Travel to Europe
Kawaraban No. 6
by Kenji Shimizu
Just at the height of the Gulf War on January 31st I departed from Narita to Frankfurt/Germany.
In the Jumbo there were unusually few Japanese travelers, and the conditions allowed me to stretch out on the seats until Frankfurt. Despite the winter season normally the airplane would be crowded, so I was surprised about the unusual quietness in the airplane. I also expected traffic jams during this seminar because of the impact of the war, but airplane traffic was heavy, and on the first glance I was not able to notice anything special indicating the Gulf War. As usual Europeans swarmed around at every airport. By this as well I could notice the different perception of Japanese and Europeans. In general the Japanese feel the pride, which is common among homogeneous peoples, on the other hand they possess an island mentality, which does not accept deviations, and therefore somehow an extension of the approach to and the way of thinking is missing.
The inability to extent the approach to and the way of thinking seems to implicate a lack of creativity. The limited field of vision results in exaggerated reactions already in case of the smallest deviations within the field of vision. People quickly get used to changes, and things, which do not change, will be pushed out of the field of vision and will be forgotten forever quickly.
In this sense the traditional Japanese culture always exposed to the danger of final forgetting.
Why don’t we see in the case of the Gulf crisis a stronger impact on Europe as could be expected, because Europe is much closer to Iraq than Japan? It is not necessary to mention that the people are quite relaxed regarding the war, but also in newspapers and in television were no excessive reports. That is because of the distinct individualism.
The Europeans do not follow other people babbling unimportantly and blindly like the Japanese, and no rumors are scattered around. They are obstinate, act according their own will, and they possess a willfulness, which normally does not depend too much of other peoples behavior.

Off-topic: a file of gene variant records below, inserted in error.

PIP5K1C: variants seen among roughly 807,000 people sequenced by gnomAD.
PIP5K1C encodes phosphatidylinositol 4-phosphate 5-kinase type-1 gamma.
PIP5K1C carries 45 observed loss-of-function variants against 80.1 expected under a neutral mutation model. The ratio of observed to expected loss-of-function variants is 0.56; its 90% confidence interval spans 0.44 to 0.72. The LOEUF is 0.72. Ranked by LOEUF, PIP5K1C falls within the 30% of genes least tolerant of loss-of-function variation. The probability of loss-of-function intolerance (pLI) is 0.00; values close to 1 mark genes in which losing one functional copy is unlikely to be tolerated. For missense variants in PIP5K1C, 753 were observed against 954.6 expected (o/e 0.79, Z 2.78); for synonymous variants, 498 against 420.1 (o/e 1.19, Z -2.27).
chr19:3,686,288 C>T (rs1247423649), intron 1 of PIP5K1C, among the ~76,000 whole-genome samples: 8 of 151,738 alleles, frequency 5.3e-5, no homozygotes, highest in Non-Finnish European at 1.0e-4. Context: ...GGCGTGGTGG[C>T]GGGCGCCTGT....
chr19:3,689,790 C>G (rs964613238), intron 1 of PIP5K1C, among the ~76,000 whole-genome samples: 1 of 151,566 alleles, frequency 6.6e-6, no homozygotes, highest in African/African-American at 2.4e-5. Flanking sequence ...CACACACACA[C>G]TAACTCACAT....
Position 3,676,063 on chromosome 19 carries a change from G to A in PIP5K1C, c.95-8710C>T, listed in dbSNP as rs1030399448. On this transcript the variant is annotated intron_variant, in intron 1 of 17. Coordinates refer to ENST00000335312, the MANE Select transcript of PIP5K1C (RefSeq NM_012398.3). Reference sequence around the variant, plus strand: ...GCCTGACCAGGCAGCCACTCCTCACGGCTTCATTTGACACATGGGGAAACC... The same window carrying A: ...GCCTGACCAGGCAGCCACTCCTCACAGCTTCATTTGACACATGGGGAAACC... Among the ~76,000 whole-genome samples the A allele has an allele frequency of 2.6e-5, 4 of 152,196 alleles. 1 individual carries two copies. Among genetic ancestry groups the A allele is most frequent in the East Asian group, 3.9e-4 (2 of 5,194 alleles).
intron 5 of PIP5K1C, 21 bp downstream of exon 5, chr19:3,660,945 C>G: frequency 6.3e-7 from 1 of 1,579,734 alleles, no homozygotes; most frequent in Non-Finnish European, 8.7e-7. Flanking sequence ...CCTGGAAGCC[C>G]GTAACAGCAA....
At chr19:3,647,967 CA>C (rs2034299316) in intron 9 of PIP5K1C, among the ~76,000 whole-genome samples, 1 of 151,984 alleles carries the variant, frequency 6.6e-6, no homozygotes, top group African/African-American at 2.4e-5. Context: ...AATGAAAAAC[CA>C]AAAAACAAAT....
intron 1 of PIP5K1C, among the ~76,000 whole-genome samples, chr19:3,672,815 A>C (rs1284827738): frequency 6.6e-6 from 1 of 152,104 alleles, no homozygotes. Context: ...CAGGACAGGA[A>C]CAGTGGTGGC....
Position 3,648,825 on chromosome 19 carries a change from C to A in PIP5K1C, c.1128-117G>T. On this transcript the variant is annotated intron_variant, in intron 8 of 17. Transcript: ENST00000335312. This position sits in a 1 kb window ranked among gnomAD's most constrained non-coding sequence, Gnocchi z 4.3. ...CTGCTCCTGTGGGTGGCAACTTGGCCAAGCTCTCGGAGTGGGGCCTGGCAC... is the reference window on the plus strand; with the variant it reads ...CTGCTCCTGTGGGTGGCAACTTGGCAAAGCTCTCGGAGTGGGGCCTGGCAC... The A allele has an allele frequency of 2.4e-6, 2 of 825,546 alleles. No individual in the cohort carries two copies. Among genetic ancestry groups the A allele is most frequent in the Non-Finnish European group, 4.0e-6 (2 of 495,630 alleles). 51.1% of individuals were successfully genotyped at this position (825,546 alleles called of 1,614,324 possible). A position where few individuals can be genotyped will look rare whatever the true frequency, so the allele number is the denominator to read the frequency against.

Since 1978 I travel for more than 13 years every year to seminars in Europe, and many students, who attend since the beginning, are still practicing. It is the typical for the Germans that many of them intensively assess a subject before they start with it, but after actually starting they continue until complete understanding of the subject.
For example, the driving abilities of German cars are excellent, and that is the result of the efforts of typical German masters. From the standpoint of the Japanese the Germans are normally quite modest. Clothes and food are modest, and young people never drive exclusive cars. The living style is suited to the social status, and there is no useless over-exerting. And exactly these things are indicators for the strong roots of their individualism.
Reflecting on these things we notice that many Japanese of today are unsure regarding their own self, and therefore they constantly und restlessly investigate the conditions of their environment. But as long you are acting based upon such feelings, real life, freedom and happiness will be far away. Are these really the conditions for the renewal of the society, which neglects humanity?
© translated by Peter Nawrot 08/2006